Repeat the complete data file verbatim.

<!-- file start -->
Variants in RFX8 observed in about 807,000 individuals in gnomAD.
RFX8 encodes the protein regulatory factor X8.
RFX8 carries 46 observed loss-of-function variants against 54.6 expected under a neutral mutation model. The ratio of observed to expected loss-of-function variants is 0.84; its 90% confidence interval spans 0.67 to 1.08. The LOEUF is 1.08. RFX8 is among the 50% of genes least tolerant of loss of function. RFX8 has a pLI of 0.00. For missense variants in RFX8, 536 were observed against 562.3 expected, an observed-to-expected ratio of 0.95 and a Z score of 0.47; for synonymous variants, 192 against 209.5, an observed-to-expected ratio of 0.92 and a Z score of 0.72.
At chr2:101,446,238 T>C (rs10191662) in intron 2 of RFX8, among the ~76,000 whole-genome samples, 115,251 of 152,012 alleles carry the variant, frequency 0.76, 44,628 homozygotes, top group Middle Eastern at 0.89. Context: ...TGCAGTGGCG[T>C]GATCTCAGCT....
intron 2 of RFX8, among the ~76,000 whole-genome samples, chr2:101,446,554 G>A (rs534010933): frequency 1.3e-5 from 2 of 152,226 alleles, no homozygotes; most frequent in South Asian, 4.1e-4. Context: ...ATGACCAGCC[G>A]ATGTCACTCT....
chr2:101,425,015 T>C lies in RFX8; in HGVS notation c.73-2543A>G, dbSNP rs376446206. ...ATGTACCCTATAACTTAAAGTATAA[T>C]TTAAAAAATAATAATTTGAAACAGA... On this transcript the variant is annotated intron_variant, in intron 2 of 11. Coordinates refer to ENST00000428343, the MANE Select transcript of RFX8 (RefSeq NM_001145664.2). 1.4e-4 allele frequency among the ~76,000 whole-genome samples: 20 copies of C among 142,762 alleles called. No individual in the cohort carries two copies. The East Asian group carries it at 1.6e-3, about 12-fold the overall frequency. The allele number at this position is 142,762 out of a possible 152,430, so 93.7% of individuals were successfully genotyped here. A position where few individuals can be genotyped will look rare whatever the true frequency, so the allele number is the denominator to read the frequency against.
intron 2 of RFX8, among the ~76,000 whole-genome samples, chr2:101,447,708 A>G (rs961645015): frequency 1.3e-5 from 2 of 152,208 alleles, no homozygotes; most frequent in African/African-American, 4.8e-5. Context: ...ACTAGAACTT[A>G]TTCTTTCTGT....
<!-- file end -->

Variants in RFX8 observed in about 807,000 individuals in gnomAD.
RFX8 encodes the protein regulatory factor X8.
RFX8 carries 46 observed loss-of-function variants against 54.6 expected under a neutral mutation model. The ratio of observed to expected loss-of-function variants is 0.84; its 90% confidence interval spans 0.67 to 1.08. The LOEUF is 1.08. RFX8 is among the 50% of genes least tolerant of loss of function. RFX8 has a pLI of 0.00. For missense variants in RFX8, 536 were observed against 562.3 expected, an observed-to-expected ratio of 0.95 and a Z score of 0.47; for synonymous variants, 192 against 209.5, an observed-to-expected ratio of 0.92 and a Z score of 0.72.
At chr2:101,446,238 T>C (rs10191662) in intron 2 of RFX8, among the ~76,000 whole-genome samples, 115,251 of 152,012 alleles carry the variant, frequency 0.76, 44,628 homozygotes, top group Middle Eastern at 0.89. Context: ...TGCAGTGGCG[T>C]GATCTCAGCT....
intron 2 of RFX8, among the ~76,000 whole-genome samples, chr2:101,446,554 G>A (rs534010933): frequency 1.3e-5 from 2 of 152,226 alleles, no homozygotes; most frequent in South Asian, 4.1e-4. Context: ...ATGACCAGCC[G>A]ATGTCACTCT....
chr2:101,425,015 T>C lies in RFX8; in HGVS notation c.73-2543A>G, dbSNP rs376446206. ...ATGTACCCTATAACTTAAAGTATAA[T>C]TTAAAAAATAATAATTTGAAACAGA... On this transcript the variant is annotated intron_variant, in intron 2 of 11. Coordinates refer to ENST00000428343, the MANE Select transcript of RFX8 (RefSeq NM_001145664.2). 1.4e-4 allele frequency among the ~76,000 whole-genome samples: 20 copies of C among 142,762 alleles called. No individual in the cohort carries two copies. The East Asian group carries it at 1.6e-3, about 12-fold the overall frequency. The allele number at this position is 142,762 out of a possible 152,430, so 93.7% of individuals were successfully genotyped here. A position where few individuals can be genotyped will look rare whatever the true frequency, so the allele number is the denominator to read the frequency against.
intron 2 of RFX8, among the ~76,000 whole-genome samples, chr2:101,447,708 A>G (rs961645015): frequency 1.3e-5 from 2 of 152,208 alleles, no homozygotes; most frequent in African/African-American, 4.8e-5. Context: ...ACTAGAACTT[A>G]TTCTTTCTGT....